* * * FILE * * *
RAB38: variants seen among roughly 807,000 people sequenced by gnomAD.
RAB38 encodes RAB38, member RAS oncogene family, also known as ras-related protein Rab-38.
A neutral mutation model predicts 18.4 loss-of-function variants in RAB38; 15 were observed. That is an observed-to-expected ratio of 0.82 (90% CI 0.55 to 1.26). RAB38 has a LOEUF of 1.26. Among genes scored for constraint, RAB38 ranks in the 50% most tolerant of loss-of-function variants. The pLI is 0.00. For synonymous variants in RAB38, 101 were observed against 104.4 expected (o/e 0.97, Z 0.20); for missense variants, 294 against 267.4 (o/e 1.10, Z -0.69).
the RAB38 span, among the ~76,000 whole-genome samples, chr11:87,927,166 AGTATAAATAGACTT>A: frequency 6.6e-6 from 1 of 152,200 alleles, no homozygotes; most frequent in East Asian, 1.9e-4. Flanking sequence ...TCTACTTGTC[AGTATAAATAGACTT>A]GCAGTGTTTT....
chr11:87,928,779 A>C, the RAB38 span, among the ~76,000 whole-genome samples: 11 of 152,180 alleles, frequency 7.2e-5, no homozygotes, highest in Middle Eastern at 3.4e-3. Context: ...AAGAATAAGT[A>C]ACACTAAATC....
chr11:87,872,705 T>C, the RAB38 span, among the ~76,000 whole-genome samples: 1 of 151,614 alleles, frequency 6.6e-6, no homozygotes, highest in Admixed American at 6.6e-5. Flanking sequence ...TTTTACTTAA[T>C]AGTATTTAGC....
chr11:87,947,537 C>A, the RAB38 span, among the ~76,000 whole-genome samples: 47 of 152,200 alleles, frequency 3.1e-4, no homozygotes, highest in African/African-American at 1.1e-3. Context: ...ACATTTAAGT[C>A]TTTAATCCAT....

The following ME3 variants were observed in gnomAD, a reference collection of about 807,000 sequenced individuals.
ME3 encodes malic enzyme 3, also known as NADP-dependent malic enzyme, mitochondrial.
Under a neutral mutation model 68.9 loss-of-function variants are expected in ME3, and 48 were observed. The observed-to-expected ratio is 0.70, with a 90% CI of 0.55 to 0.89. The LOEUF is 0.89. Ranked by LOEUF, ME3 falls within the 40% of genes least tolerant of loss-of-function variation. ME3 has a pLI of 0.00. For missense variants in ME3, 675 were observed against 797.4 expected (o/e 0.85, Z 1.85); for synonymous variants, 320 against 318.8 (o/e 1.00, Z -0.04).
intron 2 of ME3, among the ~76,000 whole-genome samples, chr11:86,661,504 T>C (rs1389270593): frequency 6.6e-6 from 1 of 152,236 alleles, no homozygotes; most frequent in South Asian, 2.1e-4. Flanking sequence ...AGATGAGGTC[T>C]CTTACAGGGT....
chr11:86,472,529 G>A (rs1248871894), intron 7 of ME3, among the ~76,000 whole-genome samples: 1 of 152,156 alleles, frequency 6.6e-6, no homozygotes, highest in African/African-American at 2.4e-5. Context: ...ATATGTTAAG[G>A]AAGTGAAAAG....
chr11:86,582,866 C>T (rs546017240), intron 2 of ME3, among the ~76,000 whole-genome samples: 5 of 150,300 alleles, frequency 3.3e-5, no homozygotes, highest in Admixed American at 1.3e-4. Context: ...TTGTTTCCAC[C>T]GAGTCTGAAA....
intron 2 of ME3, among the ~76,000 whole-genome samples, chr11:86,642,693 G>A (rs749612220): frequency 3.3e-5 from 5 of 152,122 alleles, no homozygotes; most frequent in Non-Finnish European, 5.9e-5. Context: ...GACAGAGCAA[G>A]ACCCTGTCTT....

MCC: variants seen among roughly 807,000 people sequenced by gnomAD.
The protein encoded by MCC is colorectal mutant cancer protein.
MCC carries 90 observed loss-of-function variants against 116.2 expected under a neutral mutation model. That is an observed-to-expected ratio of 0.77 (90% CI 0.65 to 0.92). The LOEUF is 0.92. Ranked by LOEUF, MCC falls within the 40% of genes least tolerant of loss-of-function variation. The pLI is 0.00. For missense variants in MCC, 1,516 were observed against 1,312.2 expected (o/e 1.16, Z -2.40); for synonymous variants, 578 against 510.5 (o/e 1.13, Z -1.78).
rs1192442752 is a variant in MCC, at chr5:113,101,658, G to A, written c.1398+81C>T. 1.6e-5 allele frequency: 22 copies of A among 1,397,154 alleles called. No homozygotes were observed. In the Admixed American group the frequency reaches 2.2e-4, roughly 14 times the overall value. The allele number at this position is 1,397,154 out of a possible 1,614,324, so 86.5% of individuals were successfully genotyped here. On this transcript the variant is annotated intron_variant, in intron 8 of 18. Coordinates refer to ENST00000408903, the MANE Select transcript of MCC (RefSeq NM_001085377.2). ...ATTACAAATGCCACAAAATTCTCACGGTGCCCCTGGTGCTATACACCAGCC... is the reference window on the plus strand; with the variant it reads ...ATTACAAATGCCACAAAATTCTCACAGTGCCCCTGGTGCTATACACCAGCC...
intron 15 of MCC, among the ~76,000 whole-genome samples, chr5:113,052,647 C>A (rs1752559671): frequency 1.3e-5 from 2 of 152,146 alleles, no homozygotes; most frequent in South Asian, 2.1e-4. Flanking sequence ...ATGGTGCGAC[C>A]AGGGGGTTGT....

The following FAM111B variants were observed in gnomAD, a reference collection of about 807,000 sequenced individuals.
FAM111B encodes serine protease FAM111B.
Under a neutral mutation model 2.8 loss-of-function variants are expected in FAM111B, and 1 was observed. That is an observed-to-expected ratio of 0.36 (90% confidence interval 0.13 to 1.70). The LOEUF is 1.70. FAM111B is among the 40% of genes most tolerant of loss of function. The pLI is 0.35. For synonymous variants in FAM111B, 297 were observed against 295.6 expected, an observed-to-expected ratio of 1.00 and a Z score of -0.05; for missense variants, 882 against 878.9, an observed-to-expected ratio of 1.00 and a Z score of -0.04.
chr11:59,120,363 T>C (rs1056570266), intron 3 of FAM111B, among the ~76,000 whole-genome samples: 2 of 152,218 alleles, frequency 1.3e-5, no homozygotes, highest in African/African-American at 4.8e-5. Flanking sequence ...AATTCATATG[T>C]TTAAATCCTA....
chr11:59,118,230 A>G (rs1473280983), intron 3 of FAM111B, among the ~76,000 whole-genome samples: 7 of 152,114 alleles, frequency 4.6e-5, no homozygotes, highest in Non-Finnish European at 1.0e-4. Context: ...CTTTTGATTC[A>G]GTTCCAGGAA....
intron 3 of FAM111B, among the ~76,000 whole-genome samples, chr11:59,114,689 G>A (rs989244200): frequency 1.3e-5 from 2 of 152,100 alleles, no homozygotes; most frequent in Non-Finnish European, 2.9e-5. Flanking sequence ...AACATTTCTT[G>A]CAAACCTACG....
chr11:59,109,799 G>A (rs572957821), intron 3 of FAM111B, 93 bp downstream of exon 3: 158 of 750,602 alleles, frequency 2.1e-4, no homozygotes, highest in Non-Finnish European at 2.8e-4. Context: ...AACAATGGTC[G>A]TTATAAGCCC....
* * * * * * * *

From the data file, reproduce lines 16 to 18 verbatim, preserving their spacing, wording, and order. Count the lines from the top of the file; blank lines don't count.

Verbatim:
The protein encoded by MCC is colorectal mutant cancer protein.
MCC carries 90 observed loss-of-function variants against 116.2 expected under a neutral mutation model. That is an observed-to-expected ratio of 0.77 (90% CI 0.65 to 0.92). The LOEUF is 0.92. Ranked by LOEUF, MCC falls within the 40% of genes least tolerant of loss-of-function variation. The pLI is 0.00. For missense variants in MCC, 1,516 were observed against 1,312.2 expected (o/e 1.16, Z -2.40); for synonymous variants, 578 against 510.5 (o/e 1.13, Z -1.78).
rs1192442752 is a variant in MCC, at chr5:113,101,658, G to A, written c.1398+81C>T. 1.6e-5 allele frequency: 22 copies of A among 1,397,154 alleles called. No homozygotes were observed. In the Admixed American group the frequency reaches 2.2e-4, roughly 14 times the overall value. The allele number at this position is 1,397,154 out of a possible 1,614,324, so 86.5% of individuals were successfully genotyped here. On this transcript the variant is annotated intron_variant, in intron 8 of 18. Coordinates refer to ENST00000408903, the MANE Select transcript of MCC (RefSeq NM_001085377.2). ...ATTACAAATGCCACAAAATTCTCACGGTGCCCCTGGTGCTATACACCAGCC... is the reference window on the plus strand; with the variant it reads ...ATTACAAATGCCACAAAATTCTCACAGTGCCCCTGGTGCTATACACCAGCC...